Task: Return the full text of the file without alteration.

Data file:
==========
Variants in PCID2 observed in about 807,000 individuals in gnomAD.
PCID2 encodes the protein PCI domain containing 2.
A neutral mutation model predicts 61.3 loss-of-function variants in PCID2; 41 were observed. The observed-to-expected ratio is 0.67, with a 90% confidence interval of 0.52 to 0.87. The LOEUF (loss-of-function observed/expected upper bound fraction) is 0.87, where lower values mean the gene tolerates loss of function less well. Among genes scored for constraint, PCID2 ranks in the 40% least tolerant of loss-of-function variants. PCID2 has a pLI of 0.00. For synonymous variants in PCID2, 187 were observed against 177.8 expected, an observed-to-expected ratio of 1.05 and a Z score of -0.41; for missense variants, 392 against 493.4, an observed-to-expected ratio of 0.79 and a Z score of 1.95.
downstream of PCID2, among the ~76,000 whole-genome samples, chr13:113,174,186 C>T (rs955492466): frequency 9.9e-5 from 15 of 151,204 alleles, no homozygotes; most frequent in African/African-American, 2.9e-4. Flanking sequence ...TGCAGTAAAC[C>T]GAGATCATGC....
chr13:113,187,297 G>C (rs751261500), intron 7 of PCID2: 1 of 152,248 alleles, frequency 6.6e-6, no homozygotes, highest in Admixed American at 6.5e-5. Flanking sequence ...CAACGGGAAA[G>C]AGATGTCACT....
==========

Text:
Variants in PCID2 observed in about 807,000 individuals in gnomAD.
PCID2 encodes the protein PCI domain containing 2.
A neutral mutation model predicts 61.3 loss-of-function variants in PCID2; 41 were observed. The observed-to-expected ratio is 0.67, with a 90% confidence interval of 0.52 to 0.87. The LOEUF (loss-of-function observed/expected upper bound fraction) is 0.87, where lower values mean the gene tolerates loss of function less well. Among genes scored for constraint, PCID2 ranks in the 40% least tolerant of loss-of-function variants. PCID2 has a pLI of 0.00. For synonymous variants in PCID2, 187 were observed against 177.8 expected, an observed-to-expected ratio of 1.05 and a Z score of -0.41; for missense variants, 392 against 493.4, an observed-to-expected ratio of 0.79 and a Z score of 1.95.
downstream of PCID2, among the ~76,000 whole-genome samples, chr13:113,174,186 C>T (rs955492466): frequency 9.9e-5 from 15 of 151,204 alleles, no homozygotes; most frequent in African/African-American, 2.9e-4. Flanking sequence ...TGCAGTAAAC[C>T]GAGATCATGC....
chr13:113,187,297 G>C (rs751261500), intron 7 of PCID2: 1 of 152,248 alleles, frequency 6.6e-6, no homozygotes, highest in Admixed American at 6.5e-5. Flanking sequence ...CAACGGGAAA[G>C]AGATGTCACT....